Now that the much anticipated big day for the royal couple of Prince Harry and Meghan Markle is long past, the newly-minted Duchess of Sussex will have to deal with a number of financial issues as the US tax season approaches, and may even, possibly, drag her royal in-laws into them, Fox Business reported.
Markle is still an American citizen, with all of her assets and income falling under strict US taxation laws, which have it that in the event of one’s income exceeding $300,000, he or she has to declare all their foreign assets. In the case of Meghan Markle, who has climbed up the career ladder of a successful and obviously well-paid television actress, it would mean that she might be required to fill in a special form detailing her foreign assets, including her newly acquired (if any) stakes, and thereby invite scrutiny over the royal family’s total income, which has been kept rather low-profile until now.
The question arises, however, what kind of wealth Markle has been endowed with.
“The bigger issue is what will she be getting from the royal family?” Rebecca Walser, a tax attorney and certified financial planner, told FOX Business. “If it’s any kind of income or [stake in a trust] … it will have to be disclosed and reported [to the IRS.]”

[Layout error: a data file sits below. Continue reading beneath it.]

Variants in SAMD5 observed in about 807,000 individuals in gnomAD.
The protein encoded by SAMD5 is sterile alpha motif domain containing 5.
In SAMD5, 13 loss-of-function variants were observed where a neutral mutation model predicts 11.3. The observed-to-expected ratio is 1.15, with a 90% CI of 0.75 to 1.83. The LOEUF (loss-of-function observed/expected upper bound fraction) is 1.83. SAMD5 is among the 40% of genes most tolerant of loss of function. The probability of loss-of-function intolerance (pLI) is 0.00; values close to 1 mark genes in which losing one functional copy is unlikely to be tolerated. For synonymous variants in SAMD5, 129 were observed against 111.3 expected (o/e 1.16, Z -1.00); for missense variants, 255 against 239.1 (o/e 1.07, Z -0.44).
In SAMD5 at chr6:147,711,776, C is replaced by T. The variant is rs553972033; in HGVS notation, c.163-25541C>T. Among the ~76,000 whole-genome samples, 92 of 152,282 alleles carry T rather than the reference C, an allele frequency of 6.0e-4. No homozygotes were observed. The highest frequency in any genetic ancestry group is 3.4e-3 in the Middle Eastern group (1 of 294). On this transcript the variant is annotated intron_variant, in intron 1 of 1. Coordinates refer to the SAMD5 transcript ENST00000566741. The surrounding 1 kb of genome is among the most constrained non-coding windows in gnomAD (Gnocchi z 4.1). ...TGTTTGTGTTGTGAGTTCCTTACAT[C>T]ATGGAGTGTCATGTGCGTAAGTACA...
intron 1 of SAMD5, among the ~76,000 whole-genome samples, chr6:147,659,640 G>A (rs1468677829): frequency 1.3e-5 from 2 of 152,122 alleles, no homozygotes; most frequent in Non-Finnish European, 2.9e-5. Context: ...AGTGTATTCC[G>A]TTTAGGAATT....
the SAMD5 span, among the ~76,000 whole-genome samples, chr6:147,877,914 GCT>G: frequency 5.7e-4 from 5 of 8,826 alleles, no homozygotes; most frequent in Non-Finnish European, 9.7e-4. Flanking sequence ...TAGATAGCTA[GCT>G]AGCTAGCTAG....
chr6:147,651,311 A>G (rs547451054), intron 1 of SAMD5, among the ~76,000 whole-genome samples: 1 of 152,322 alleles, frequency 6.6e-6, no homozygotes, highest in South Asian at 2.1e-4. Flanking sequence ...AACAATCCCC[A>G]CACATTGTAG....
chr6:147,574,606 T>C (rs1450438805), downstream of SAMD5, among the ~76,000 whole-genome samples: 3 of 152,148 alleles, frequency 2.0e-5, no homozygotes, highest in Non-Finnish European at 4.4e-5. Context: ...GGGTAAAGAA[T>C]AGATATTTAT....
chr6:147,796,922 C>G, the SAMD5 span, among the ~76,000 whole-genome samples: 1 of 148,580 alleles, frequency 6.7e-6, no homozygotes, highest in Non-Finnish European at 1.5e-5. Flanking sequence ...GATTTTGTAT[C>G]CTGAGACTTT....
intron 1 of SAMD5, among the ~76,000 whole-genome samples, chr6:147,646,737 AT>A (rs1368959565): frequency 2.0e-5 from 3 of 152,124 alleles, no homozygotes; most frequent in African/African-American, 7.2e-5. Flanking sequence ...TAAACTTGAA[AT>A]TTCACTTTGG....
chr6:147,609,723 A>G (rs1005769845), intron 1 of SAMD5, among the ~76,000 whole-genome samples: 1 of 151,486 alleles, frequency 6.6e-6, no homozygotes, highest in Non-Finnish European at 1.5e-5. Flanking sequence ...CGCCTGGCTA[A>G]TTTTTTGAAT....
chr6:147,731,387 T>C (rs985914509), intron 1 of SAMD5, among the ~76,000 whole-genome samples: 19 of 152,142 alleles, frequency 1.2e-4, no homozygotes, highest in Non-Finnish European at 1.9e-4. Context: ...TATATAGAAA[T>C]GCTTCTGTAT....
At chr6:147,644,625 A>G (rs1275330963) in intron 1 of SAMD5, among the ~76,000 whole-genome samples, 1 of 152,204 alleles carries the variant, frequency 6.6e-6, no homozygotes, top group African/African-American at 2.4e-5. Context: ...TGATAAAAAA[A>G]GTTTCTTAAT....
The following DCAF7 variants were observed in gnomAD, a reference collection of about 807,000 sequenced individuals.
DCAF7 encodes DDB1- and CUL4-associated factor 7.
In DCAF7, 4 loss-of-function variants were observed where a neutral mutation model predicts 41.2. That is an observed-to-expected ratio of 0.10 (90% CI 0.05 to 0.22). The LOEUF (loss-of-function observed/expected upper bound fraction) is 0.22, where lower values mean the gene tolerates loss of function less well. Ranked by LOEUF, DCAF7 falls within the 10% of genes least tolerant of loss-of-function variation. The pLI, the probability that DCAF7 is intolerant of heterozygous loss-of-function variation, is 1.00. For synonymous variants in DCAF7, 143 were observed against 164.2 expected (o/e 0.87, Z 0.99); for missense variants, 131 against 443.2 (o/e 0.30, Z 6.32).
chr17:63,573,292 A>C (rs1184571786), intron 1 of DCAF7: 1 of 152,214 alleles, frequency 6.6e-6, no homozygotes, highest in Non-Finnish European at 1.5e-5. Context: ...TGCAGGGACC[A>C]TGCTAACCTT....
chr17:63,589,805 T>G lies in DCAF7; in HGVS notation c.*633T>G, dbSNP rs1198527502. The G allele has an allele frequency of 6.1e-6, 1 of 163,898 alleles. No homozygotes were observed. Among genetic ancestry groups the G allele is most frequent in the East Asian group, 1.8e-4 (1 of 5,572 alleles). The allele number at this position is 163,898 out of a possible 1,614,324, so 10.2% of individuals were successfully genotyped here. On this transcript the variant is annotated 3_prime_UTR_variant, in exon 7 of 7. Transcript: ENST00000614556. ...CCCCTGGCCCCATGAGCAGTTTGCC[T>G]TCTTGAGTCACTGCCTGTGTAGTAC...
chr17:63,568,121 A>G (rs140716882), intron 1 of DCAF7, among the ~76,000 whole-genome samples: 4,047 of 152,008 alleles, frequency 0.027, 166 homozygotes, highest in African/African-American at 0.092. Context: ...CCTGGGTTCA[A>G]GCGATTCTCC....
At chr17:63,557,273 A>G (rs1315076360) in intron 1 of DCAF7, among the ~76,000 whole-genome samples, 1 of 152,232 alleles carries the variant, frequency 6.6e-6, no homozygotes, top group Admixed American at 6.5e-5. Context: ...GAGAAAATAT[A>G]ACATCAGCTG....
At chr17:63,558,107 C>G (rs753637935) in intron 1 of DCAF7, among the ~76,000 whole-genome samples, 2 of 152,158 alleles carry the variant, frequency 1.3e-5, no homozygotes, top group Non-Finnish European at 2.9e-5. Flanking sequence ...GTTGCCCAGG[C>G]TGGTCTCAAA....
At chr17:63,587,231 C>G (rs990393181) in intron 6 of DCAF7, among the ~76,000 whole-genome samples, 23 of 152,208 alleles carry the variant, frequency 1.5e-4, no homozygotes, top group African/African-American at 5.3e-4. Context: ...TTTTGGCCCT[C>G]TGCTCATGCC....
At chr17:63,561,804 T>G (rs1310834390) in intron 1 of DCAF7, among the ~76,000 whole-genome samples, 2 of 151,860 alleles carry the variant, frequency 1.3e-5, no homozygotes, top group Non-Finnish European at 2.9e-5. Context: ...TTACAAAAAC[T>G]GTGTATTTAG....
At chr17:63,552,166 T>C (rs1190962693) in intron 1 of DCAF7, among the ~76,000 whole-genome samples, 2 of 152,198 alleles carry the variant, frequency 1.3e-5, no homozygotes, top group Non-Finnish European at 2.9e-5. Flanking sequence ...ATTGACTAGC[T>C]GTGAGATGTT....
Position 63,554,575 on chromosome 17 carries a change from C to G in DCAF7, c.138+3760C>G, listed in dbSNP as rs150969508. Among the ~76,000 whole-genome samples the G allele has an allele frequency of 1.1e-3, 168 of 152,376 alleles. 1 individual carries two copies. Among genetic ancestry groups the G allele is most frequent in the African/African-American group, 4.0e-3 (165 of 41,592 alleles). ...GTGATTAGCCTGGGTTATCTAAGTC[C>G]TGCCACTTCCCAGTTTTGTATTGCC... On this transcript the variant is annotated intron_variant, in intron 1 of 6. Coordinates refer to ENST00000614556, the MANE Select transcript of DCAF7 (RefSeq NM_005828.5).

Separately, chances are that Markle already has combined bank accounts with her husband or has become a signatory to them, which is something that automatically means the IRS will reach out to Prince Harry’s financial details. Harry is known to have partly inherited a £20 million trust fund from Princess Diana and the Queen Mother, which he draws his private wealth from — a yearly £300,000, on which he pays UK income tax, media reported. Markle’s personal fortune reportedly stands at $5million (£3.9million).
Meanwhile, the Sunday Express mentioned, citing sources, that the royal family faces the “worst” financial “nightmare,” which may presuppose that even priceless jewellery items presented to Markle by the Queen and Prince Harry, as well the grace-and-favour Nottingham Cottage, on the grounds of Kensington Palace, where the couple currently resides, and even leased cars, could be closely scrutinized by US internal revenue officials. The edition went on to say that to resolve the financial strain the royals are poised to hire a team of financiers to efficiently deal with the US taxman.
No less noteworthy is the fact that considering the birth of a child or children, as long as Markle is a US citizen, her offspring will acquire the same citizenship, making them US taxation subjects along with their mother. In case she chooses to ditch her American passport, it will take no less than five years, with all the laws applying throughout the period, as the US is the only country with laws that stipulate tax payments even from citizens residing outside the country. In the event of non-disclosure, meanwhile, half the value of assets under taxation may be claimed as a penalty.
“Unfortunately, I see a dilemma for her from a tax perspective: [either] the royal family treats her as the red-headed stepchild because she remains a U.S. citizen and they don’t want to pay her too much or let her control too many assets, or she takes the path of renouncing her citizenship,” Walser said, in an attempt to outline the options Markle has.